DoD first published the Business Systems Rule (BSR) as an interim rule in May 2011. The Rule provides for partial withholding of payments on CAS-covered contracts when any one of a contractor’s business systems is determined to have a significant deficiency. Certainly that could be a problem, but the real issue with the BSR came when Procuring Contracting Officers (PCOs) began putting provisions in some solicitations demanding evidence of system approval in order to participate in a competition. Such a solicitation provision effectively locks anyone without a system approval letter out of the procurement process. Contractors frequently ask us what an acceptable accounting system is and how to obtain approval of their system to preclude being “locked out” of those competitions.
What is an acceptable system? An acceptable accounting system is one that meets all of the criteria of the Defense FAR Supplement (DFARS) BSR clause 252.242-7006(c). The objectives of the criteria are to provide reasonable assurance that:
• Applicable laws and regulations are complied with;
• The accounting system and cost data are reliable;
• Risk of misallocations and mischarges are minimized; and
• Contract allocations and charges are consistent with billing procedures.
How does a system get “approved?” Currently, DCAA has sole responsibility for examining contractors’ systems and issuing a report of findings. Each contractor’s cognizant Administrative Contracting Officer (ACO) at the Defense Contract Management Agency (DCMA) is then responsible for making the determination that an individual system is or is not adequate and issuing an approval letter. Many contractors system have never been assessed – especially smaller contractors – and many more have not been reviewed within the recommended three-year interval. DCAA is years behind in performing the examinations required for the ACOs to make those determinations and smaller contractors are “at the end of the line” to get their systems reviewed. Recent proposed changes to the BSR would require larger (CAS-covered) contractors to self-assess their systems and engage an independent CPA firm to audit them at least once every three years. This would certainly clear the backlog for the larger CAS-covered contractors, but it is unclear from the published proposal how smaller contractors systems will be reviewed, if at all.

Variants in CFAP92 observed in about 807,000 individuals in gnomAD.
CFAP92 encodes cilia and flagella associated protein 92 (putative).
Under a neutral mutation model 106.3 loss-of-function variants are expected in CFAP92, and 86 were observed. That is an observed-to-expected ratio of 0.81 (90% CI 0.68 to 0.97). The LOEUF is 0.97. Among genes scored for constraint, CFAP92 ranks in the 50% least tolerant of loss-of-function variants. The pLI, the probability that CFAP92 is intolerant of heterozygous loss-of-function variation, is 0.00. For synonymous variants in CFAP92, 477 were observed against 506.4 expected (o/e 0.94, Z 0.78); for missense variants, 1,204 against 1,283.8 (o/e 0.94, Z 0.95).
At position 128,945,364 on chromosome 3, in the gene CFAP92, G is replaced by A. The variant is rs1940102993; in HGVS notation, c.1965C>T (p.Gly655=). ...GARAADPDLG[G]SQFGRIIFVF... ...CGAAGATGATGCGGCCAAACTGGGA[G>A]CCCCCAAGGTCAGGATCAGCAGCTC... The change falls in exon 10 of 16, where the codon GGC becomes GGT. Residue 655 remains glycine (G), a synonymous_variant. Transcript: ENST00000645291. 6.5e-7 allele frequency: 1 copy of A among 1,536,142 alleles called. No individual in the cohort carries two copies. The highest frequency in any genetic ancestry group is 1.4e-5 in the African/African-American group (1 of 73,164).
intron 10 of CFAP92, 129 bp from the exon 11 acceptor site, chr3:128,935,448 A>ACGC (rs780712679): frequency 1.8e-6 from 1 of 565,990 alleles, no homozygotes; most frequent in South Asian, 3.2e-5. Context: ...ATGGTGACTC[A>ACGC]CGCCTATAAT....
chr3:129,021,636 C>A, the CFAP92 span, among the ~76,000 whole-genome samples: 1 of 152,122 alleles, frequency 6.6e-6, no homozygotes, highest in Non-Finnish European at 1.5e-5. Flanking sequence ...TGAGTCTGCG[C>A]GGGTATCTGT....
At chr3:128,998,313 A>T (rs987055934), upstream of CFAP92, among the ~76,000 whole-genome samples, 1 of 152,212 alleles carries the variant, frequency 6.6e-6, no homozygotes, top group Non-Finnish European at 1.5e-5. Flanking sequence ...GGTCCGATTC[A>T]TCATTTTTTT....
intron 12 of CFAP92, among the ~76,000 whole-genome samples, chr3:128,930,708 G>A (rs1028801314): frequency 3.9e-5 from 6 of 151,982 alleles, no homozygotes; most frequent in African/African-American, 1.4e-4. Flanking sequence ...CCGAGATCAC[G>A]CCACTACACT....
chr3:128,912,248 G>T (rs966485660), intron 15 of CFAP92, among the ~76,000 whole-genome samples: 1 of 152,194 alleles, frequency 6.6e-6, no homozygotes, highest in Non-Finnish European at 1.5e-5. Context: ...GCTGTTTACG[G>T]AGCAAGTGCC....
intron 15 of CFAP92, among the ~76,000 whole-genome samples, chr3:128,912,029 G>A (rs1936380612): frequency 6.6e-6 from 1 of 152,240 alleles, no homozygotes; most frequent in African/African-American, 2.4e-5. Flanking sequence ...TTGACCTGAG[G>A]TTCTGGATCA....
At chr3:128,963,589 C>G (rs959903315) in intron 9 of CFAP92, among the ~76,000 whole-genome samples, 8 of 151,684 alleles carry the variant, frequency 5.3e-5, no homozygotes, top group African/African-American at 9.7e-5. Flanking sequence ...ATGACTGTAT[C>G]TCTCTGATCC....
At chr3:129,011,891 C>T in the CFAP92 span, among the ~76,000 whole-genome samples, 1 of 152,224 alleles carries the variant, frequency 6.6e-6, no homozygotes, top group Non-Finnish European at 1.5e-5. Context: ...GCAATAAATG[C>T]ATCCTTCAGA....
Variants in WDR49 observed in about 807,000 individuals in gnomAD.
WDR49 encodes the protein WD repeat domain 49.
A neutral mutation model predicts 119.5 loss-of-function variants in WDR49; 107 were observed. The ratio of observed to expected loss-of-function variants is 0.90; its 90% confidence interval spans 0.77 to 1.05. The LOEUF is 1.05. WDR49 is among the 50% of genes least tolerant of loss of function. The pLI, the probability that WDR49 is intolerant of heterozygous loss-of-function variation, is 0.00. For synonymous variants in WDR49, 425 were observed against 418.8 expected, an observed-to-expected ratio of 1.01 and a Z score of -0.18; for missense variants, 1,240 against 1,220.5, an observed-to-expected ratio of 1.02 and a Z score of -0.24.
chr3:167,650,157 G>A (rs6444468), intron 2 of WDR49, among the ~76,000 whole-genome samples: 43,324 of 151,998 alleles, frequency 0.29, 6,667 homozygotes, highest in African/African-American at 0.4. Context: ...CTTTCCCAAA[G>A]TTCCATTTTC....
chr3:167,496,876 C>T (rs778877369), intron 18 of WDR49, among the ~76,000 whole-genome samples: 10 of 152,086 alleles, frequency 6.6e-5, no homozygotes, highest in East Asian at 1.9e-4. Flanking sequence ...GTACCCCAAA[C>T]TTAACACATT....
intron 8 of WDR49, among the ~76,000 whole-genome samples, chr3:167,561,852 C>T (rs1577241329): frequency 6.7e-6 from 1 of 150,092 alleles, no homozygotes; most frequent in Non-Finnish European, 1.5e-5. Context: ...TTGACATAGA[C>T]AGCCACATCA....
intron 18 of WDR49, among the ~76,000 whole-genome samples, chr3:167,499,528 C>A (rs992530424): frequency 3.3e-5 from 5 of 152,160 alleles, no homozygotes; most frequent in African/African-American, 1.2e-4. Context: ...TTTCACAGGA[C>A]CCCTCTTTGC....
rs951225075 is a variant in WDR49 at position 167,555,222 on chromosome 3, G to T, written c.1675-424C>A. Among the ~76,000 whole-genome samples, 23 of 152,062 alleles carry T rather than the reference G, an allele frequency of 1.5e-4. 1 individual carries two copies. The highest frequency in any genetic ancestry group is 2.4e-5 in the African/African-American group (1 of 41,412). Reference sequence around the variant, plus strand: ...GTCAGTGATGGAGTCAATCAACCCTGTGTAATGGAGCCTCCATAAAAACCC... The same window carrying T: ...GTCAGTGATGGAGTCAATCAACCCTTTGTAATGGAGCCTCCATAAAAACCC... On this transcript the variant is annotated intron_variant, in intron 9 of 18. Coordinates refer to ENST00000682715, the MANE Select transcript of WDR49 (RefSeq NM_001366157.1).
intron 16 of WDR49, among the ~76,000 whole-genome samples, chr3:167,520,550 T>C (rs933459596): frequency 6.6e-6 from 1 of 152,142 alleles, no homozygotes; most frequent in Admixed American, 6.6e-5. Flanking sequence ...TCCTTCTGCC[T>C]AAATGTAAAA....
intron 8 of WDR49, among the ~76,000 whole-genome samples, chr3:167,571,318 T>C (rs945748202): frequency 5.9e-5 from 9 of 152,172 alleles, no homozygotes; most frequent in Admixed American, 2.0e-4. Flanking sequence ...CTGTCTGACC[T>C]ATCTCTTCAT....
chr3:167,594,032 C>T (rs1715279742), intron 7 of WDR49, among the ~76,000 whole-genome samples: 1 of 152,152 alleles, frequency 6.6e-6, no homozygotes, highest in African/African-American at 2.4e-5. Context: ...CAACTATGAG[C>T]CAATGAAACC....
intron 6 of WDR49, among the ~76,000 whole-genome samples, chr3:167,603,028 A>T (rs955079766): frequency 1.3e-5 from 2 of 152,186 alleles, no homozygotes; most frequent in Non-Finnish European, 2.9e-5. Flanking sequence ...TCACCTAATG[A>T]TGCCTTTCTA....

Some contractors, both large and small, have already taken proactive steps and engaged a CPA firm to audit their systems and issue opinion letters on the adequacy of their systems. Watkins Meegan has performed a number of these system reviews and our clients find that almost all PCOs will accept an opinion letter from an independent audit firm.
If you are seeing solicitation provisions demanding an “approved system” to participate in a procurement opportunity, don’t let an “unassessed” system keep you out of the game. Contact us about an independent accounting system review.